CMS: State Medicaid Spending Outpaces National Averages
Medicaid spending is expected to grow faster than any other health sector in the next 10 years, according to new federal projections.
State and local Medicaid spending spiked in 2011 and should grow significantly again in 2012, according the National Health Expenditure Projections released by the Centers for Medicare and Medicaid Services (CMS) Tuesday, with continued increases anticipated for the next decade.
CMS estimated that state and local Medicaid expenditures jumped 25.8 percent in 2011 (to $165.9 billion) and would expand again by 18.2 percent in 2012 (to $196.2 billion) -- by far the largest percentage increase for any individual payer over those two years. The dramatic incline is primarily the result of the expiring federal enhanced match from the American Recovery and Reinvestment Act (ARRA) and sustained enrollment increases because of the economic downturn, CMS officials said.
Long-term, state and local Medicaid spending is projected to settle into a consistent growth rate between 7.4 and 7.7 percent from 2014 -- when the expansions and reforms under the Affordable Care Act (ACA) take full effect -- to 2021, reaching $375.4 billion in 2021. Those percentages outpace the expected increases in overall national health spending, which fluctuate between 6.2 percent and 7.4 percent from 2014 to 2021.
Combined with federal matching, Medicaid spending would reach $579.2 billion in 2014 (up 18 percent from 2013) and increase to $957.4 billion by 2021. The overall program would experience the largest annual growth increases of any payer over the next 10 years under the CMS projections.
According to the National Association of State Budget Officers’ 2012 Fiscal Survey of the States, also released Tuesday, states have taken substantial steps in the last year to control Medicaid costs. For example: 31 states enhanced their program integrity efforts, 30 states reduced provider payments and 22 attempted to cut prescription drug costs through various means. Further steps are likely in the coming years: 20 states have proposed expanding managed care programs for FY 2013; 15 are considering further provider payment reductions, and 18 have proposed limiting benefits for enrollees.
When the ACA’s Medicaid expansion takes effect in 2014, the program’s enrollment is expected to swell from 56.4 million in 2013 to 76 million. The law increases Medicaid eligibility to 133 percent of the federal poverty level, and analysts anticipate those currently eligible but not enrolled would also join the program to comply with the ACA’s individual mandate. CMS estimates enrollment reaching 85 million by 2021.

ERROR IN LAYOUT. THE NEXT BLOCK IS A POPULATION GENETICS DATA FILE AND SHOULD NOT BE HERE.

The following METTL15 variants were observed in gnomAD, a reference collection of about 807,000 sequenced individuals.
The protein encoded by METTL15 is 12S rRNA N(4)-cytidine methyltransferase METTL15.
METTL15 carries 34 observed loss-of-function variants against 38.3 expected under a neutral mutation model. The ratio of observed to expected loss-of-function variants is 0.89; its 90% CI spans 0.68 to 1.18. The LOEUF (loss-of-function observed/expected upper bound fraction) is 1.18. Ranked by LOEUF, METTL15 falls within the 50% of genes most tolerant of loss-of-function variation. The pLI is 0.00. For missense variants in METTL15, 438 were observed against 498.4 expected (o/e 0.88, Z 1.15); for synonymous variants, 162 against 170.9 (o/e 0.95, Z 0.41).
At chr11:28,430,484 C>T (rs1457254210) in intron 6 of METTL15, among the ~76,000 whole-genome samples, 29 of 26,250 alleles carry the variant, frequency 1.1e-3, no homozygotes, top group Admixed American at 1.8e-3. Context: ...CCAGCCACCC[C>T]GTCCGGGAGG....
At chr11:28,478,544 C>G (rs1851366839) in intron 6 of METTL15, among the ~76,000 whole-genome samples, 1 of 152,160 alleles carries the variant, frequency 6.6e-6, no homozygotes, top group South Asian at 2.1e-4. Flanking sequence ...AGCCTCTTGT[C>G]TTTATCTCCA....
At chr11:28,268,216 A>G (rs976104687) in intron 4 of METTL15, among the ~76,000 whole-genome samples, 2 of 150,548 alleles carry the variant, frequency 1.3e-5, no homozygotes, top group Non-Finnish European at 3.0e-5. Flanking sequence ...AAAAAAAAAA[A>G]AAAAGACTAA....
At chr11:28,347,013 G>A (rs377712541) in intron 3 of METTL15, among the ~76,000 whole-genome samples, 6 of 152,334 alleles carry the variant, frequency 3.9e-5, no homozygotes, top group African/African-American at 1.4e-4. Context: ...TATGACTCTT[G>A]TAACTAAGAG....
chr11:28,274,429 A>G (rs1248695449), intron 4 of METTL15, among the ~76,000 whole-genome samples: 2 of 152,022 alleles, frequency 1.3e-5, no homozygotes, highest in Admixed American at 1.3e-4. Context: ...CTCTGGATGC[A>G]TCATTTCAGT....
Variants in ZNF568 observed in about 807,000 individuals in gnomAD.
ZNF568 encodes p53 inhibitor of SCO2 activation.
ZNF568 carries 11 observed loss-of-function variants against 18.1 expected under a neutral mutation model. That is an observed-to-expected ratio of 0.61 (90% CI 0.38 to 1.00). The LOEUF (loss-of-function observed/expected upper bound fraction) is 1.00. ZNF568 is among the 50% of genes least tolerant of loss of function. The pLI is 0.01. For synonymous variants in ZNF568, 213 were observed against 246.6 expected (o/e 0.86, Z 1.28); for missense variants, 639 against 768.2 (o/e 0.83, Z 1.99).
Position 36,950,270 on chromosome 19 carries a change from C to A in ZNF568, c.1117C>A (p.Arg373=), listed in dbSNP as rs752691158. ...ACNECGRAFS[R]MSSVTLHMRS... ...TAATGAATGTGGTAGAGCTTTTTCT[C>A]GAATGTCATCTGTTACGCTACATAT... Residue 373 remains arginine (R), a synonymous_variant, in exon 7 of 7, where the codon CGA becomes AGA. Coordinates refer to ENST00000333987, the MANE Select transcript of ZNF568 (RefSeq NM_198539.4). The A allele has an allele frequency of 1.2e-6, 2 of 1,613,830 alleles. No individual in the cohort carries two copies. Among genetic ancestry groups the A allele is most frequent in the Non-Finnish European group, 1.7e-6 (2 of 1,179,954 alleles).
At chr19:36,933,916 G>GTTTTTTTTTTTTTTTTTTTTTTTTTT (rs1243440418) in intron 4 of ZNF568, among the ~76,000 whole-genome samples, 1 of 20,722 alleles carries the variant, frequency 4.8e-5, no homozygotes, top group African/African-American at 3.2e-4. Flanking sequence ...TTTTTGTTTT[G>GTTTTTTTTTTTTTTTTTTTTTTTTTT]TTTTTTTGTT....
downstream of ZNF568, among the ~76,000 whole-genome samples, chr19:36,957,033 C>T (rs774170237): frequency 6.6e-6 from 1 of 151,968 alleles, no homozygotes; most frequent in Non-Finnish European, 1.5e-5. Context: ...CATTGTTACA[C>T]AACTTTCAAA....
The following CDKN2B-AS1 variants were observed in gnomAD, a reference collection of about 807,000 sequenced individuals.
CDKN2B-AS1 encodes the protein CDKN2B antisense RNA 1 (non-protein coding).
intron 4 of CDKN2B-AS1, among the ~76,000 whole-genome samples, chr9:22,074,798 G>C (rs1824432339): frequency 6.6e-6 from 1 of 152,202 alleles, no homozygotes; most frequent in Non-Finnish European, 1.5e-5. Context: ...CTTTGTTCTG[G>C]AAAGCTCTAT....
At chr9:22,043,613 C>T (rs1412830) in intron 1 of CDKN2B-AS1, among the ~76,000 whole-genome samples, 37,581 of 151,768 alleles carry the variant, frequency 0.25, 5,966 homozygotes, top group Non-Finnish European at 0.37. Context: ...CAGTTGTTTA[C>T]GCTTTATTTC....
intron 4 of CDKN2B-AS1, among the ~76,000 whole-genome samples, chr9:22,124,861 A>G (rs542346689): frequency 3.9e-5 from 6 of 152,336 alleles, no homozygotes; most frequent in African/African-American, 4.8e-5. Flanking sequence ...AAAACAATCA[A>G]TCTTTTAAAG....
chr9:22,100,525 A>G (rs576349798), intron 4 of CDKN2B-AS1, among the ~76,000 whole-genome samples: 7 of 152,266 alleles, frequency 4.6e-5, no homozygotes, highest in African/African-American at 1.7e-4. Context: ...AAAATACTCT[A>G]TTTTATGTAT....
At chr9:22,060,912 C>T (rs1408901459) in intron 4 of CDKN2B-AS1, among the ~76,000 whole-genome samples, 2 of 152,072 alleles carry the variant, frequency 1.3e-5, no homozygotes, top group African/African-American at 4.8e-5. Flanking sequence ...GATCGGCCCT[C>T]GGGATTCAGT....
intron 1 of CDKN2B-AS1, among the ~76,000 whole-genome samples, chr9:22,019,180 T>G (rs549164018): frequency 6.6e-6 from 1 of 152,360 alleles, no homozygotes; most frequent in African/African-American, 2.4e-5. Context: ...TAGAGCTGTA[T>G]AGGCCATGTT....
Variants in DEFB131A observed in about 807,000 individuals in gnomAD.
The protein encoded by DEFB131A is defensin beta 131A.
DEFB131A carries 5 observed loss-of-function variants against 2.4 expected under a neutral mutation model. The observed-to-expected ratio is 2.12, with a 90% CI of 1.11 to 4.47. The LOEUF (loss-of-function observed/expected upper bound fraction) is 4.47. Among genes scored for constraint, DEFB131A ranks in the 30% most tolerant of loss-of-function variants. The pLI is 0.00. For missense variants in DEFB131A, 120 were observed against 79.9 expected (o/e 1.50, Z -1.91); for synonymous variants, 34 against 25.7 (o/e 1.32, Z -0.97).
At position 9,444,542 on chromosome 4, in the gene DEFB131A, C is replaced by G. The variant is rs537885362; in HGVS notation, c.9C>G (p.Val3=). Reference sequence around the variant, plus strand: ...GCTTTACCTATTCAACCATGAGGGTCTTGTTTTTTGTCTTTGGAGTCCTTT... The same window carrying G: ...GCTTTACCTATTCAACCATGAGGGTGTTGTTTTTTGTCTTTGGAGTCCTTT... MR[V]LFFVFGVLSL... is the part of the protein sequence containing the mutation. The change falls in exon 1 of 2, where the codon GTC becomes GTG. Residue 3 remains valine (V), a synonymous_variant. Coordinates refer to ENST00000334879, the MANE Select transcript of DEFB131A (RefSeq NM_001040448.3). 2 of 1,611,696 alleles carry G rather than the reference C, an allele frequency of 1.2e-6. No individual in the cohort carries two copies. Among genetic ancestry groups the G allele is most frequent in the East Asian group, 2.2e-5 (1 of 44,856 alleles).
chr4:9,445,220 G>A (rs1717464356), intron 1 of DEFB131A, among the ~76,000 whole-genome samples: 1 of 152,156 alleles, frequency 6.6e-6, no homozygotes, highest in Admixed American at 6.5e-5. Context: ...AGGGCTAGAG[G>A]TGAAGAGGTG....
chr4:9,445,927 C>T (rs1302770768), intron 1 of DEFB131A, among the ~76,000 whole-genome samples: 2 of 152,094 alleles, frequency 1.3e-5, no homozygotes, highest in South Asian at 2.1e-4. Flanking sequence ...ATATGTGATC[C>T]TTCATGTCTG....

The federal government would shoulder the majority of the spending for newly eligible Medicaid enrollees, who are expected to account for most of the increased enrollment. Federal Medicaid spending would increase by 25.7 percent in 2014 (compared to 7.4 percent for state and local) to $356.3 billion and reach $581.9 billion in 2021, under the CMS model. The ACA mandates the federal government cover 100 percent of the costs for newly eligible enrollees in 2014, a match that declines to 90 percent by 2020.
As a whole, including private insurance and personal spending, national health expenditures are projected to increase by an average rate of 5.7 percent from 2011 to 2021, reaching nearly $4.8 trillion in 2021 (19.6 percent of the U.S. gross domestic product, up from 17.9 percent in 2011). National health spending is expected to grow 3.9 percent in 2011, 4.2 percent in 2012 and 3.8 percent in 2013 -- in line with a historic low of 3.8 percent in 2009, a result of the Great Recession and the modest recovery since, CMS officials explained. When the ACA’s reforms take full effect in 2014, estimated growth jumps to 7.4 percent before declining to 6.2 percent in 2021.
The CMS numbers are considered the authoritative long-term projections for national health spending. Officials from the CMS Office of the Actuary, who authored the report, included several caveats: most importantly, the estimates assume that the ACA will survive its challenge before the U.S. Supreme Court and remain law. CMS did not produce projections for a scenario in which the law is reversed or repealed.
As a share of national health spending, state and local-sponsored expenditures are expected to increase by 1 percent, from 17 to 18 percent, between 2011 and 2021. Federal-sponsored spending would rise from 29 to 31 percent, meaning government expenditures would account for nearly 50 percent of the overall health care industry within the next 10 years. The shares for household (27 to 26 percent) and business (20 to 18 percent) spending are projected to decline.
By payer, Medicaid’s share of national health spending would swell the most: from 16 percent in 2011 to 20 percent in 2021, primarily a result of the ACA expansion. Medicare would remain steady at 21 percent, while private health insurance would drop from 32 to 31 percent; federal spending would also comprise a growing percentage of the private market through the ACA’s tax subsidies. Personal out-of-pocket spending would decline from 11 to 9 percent between 2011 and 2021.
The number of uninsured Americans is expected to fall from 48.6 million in 2013 to 27.8 percent in 2014 after the ACA reforms take full effect, dropping further to 23.1 million by 2021. About 12.3 million people are estimated to join the state health insurance exchanges in 2014, increasing to 23.1 million by 2021.
The table below -- courtesy of Health Affairs, which published the full report -- details the CMS projections.